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Practical Common Lisp by Peter Seibel

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CHAPTER 21Programming in the Large:Packages and Symbols

In Chapter 4 I discussed how the Lisp reader translates textual names into objects to be passed to the evaluator, representing them with a kind of object called a symbol. It turns out that having a built-in data type specifically for representing names is quite handy for a lot of kinds of programming.1 That, however, isn't the topic of this chapter. In this chapter I'll discuss one of the more immediate and practical aspect of dealing with names: how to avoid name conflicts between independently developed pieces of code.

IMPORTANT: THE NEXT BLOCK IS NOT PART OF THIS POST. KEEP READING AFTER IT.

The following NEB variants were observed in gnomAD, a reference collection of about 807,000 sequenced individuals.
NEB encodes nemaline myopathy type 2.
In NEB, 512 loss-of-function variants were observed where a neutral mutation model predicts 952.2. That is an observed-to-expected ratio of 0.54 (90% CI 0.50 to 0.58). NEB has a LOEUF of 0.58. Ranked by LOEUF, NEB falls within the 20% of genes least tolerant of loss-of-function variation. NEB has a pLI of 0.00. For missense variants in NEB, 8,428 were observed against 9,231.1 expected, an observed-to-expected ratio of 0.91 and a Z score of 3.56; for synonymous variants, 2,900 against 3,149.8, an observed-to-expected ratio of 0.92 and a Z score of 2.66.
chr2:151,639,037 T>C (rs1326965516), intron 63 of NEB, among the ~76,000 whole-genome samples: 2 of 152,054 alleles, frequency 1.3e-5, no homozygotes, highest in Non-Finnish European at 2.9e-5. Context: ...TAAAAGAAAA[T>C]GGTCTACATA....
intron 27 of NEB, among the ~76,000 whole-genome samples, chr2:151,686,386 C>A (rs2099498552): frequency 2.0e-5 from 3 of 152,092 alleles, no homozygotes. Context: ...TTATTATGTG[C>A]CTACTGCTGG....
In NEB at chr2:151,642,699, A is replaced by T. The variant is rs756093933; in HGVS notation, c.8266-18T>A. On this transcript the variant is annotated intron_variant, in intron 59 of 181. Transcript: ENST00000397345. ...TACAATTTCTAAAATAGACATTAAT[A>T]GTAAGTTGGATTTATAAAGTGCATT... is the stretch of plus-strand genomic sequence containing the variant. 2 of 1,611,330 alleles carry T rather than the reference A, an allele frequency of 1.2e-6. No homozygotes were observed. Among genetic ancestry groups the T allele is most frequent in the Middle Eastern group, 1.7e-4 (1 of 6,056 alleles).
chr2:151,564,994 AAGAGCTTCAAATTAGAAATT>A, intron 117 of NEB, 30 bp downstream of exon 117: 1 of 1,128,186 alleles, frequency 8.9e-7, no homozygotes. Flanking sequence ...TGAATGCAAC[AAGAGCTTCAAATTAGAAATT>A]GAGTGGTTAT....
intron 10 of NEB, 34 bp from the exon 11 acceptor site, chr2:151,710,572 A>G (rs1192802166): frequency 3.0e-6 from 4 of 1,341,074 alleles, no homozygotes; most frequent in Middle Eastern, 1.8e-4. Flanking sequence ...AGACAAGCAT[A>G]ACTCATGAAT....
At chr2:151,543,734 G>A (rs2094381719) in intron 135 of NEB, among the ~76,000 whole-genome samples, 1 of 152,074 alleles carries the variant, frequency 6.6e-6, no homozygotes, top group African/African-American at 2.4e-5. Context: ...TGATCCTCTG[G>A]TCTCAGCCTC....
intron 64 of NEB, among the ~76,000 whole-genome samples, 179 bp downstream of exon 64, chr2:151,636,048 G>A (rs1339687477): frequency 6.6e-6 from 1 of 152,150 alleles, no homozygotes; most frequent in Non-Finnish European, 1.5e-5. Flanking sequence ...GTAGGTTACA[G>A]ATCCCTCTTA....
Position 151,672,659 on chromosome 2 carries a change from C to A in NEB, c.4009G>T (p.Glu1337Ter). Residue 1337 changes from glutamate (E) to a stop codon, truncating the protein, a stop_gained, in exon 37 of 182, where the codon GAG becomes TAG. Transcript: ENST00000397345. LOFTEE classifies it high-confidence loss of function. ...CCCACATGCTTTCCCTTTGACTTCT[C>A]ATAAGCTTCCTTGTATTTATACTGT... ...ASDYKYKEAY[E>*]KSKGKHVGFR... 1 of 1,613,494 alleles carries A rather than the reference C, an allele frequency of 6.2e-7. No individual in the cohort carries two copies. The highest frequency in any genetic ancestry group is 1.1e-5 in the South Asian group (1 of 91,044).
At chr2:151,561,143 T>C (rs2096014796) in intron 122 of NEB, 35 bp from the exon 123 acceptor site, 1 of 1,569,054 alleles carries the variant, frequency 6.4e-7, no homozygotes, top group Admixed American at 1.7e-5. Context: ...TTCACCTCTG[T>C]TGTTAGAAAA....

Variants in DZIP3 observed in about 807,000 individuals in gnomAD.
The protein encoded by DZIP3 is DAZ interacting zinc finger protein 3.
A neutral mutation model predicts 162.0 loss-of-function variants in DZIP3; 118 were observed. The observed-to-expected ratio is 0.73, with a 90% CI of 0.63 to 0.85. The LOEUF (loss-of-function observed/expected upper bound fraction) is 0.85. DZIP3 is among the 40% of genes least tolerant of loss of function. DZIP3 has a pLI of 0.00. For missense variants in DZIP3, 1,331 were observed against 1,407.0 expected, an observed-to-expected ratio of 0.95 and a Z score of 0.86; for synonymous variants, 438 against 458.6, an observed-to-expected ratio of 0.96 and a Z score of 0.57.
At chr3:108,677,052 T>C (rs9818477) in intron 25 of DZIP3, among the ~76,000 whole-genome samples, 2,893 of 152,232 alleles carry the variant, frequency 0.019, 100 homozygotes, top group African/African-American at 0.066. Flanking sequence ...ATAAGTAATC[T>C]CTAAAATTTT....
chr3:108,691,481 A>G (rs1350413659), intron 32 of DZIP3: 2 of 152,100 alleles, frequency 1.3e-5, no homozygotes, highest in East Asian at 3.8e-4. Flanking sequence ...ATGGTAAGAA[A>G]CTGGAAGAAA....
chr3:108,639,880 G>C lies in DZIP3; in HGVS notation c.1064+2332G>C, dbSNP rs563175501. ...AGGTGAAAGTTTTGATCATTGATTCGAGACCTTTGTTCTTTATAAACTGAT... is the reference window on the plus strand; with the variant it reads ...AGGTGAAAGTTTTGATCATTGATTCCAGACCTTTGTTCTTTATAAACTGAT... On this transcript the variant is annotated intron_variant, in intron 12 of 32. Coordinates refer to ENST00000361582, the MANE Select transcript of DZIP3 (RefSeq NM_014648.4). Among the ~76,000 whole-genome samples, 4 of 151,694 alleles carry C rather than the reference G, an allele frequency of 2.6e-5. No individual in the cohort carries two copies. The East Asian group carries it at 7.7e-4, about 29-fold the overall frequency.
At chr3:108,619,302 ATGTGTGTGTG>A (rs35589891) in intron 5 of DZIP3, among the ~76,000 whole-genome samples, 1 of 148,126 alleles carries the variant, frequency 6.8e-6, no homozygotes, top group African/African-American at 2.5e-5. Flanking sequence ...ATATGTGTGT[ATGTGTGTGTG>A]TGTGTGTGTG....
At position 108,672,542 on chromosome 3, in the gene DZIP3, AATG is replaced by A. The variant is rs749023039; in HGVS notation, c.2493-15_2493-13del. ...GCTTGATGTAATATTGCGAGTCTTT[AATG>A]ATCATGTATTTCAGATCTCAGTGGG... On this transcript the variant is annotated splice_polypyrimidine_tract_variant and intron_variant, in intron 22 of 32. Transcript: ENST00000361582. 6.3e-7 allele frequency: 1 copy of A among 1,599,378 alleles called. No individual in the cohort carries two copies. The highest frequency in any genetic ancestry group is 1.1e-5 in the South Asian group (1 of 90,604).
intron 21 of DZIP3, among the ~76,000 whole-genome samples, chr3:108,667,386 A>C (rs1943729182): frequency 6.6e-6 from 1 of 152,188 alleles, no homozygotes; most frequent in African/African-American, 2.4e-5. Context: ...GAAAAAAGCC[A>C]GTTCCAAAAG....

Suppose, for instance, you're writing a program and decide to use a third-party library. You don't want to have to know the name of every function, variable, class, or ...

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